628 books for genre «Books ~~ History~~ Americas (North Central South West Indies)»

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This pamphlet was first published before the American Revolution. Inciting the people against the British rule, it gained immense popularity amongst the inhabitants of the colony. It contributed greatly to the revolution as it evoked the masses to rise against injustice. An outline for the constitution was also proposed in the pamphlet.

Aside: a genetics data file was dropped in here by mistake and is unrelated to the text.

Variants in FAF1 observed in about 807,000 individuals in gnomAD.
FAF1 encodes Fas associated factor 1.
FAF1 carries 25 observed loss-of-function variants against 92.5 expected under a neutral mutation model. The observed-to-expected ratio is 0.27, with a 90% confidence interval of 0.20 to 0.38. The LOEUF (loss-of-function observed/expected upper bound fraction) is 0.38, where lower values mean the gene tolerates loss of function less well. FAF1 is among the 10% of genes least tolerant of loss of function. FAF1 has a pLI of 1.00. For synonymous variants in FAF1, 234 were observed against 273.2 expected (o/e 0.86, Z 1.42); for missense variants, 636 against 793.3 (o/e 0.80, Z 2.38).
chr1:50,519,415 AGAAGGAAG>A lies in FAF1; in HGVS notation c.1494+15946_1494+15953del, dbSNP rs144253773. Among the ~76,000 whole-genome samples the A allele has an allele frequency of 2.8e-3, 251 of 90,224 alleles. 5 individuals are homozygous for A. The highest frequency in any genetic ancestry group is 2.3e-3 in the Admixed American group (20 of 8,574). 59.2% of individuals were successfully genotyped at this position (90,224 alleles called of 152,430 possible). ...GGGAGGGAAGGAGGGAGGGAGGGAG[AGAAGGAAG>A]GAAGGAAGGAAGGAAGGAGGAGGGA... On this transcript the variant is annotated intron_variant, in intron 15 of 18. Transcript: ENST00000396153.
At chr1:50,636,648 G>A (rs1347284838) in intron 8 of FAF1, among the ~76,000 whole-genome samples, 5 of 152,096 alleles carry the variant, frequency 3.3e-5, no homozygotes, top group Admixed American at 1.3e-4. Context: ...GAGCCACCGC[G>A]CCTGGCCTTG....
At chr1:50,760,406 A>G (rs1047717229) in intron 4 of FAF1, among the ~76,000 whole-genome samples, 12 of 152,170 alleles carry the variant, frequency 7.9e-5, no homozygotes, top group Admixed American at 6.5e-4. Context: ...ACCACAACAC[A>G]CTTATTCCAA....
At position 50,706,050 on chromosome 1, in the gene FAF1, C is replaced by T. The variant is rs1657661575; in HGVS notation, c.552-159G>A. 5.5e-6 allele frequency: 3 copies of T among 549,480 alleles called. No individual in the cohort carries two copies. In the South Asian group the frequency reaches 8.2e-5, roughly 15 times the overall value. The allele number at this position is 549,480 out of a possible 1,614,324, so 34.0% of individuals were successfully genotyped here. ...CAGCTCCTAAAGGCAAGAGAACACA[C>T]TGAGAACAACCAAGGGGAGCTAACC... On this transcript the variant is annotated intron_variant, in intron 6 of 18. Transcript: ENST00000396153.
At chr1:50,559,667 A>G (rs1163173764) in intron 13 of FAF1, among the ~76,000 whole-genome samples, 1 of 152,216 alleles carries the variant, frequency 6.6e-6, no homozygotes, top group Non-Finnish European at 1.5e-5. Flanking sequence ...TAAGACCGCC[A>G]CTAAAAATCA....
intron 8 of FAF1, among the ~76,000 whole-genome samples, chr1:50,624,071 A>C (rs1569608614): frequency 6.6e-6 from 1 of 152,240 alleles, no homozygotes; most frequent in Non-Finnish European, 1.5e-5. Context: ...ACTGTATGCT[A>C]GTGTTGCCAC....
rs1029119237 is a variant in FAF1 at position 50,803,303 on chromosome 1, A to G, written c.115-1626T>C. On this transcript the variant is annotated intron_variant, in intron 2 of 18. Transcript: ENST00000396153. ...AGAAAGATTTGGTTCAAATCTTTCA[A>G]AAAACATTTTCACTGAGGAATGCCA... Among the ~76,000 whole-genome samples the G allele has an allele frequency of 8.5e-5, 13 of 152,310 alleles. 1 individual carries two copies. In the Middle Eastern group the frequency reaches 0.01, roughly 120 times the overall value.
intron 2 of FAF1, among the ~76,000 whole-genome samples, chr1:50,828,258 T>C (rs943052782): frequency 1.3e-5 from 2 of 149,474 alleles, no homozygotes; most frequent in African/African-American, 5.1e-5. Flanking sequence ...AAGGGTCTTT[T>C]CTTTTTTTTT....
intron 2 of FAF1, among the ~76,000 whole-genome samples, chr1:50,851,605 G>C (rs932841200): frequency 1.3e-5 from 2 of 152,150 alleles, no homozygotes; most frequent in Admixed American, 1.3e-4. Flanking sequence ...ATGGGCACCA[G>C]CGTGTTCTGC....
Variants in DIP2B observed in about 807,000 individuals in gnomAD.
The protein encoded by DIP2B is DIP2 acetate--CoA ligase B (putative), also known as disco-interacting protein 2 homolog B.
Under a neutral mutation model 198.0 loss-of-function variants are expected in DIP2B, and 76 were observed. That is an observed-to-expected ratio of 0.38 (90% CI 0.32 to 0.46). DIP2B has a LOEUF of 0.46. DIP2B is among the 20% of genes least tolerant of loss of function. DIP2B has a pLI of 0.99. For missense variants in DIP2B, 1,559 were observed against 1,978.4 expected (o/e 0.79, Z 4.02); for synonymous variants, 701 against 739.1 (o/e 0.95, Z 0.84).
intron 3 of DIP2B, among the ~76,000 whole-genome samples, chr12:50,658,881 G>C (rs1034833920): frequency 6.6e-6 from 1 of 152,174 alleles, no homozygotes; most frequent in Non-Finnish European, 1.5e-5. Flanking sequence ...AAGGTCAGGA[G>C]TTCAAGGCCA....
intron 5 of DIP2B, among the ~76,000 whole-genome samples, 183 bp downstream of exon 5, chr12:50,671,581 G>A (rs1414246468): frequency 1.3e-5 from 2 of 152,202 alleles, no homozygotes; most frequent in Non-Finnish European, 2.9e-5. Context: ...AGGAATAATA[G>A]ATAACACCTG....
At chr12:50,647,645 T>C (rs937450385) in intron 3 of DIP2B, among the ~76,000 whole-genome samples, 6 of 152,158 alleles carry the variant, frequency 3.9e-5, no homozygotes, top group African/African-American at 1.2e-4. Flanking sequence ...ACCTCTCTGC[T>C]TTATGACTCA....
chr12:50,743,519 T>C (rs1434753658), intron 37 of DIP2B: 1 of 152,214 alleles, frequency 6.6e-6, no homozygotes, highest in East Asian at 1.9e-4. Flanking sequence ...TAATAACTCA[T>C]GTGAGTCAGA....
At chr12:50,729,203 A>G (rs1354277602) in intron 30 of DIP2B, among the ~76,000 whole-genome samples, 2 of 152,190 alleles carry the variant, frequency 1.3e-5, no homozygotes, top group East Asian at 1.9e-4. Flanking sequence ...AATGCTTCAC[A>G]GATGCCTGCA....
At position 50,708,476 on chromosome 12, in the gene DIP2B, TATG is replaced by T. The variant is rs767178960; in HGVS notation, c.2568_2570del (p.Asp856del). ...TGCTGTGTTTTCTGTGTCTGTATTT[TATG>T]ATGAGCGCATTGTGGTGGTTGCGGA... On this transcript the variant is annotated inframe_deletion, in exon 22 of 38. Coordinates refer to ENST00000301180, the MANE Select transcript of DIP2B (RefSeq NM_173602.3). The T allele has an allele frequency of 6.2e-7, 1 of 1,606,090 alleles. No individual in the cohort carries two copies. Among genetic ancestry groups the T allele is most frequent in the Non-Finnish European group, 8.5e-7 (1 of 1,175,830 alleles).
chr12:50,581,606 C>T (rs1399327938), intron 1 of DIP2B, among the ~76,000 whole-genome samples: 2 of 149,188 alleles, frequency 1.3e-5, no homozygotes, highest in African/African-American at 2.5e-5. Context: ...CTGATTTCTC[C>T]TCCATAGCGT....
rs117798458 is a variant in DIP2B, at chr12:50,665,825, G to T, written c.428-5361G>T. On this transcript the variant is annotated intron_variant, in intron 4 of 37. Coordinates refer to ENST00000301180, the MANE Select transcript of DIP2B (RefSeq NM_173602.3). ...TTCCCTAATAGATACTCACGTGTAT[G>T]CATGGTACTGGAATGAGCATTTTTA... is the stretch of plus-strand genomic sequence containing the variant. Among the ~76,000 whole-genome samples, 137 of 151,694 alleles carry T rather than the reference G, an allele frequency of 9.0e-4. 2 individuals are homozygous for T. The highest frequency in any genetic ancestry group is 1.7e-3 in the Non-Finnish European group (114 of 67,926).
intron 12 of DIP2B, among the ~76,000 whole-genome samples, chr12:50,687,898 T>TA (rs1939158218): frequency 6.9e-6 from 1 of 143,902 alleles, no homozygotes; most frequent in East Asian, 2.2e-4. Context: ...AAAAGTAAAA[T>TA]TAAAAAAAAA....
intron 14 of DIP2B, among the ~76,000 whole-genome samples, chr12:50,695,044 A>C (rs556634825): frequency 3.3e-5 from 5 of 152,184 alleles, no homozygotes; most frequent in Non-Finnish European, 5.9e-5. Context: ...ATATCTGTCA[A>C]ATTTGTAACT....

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presents creative and dynamic proposals from one of the most visionary and fertile political minds of our time to reinvigorate our Constitution and American governance at a time when such change is urgently needed, given the growing dysfunction and unfairness of our political system . Combining idealism and pragmatism, and with full respect for the original document, Larry Sabato's thought-­provoking ideas range from the length of the president's term in office and the number and terms of Supreme Court justices to the vagaries of the antiquated Electoral College, and a compelling call for universal national service-­all laced through with the history behind each proposal and the potential impact on the lives of ordinary people. Aware that such changes won't happen easily, but that the original Framers fully expected the Constitution to be regularly revised, Sabato urges us to engage in the debate and discussion his ideas will surely engender. During a presidential election year, no . . .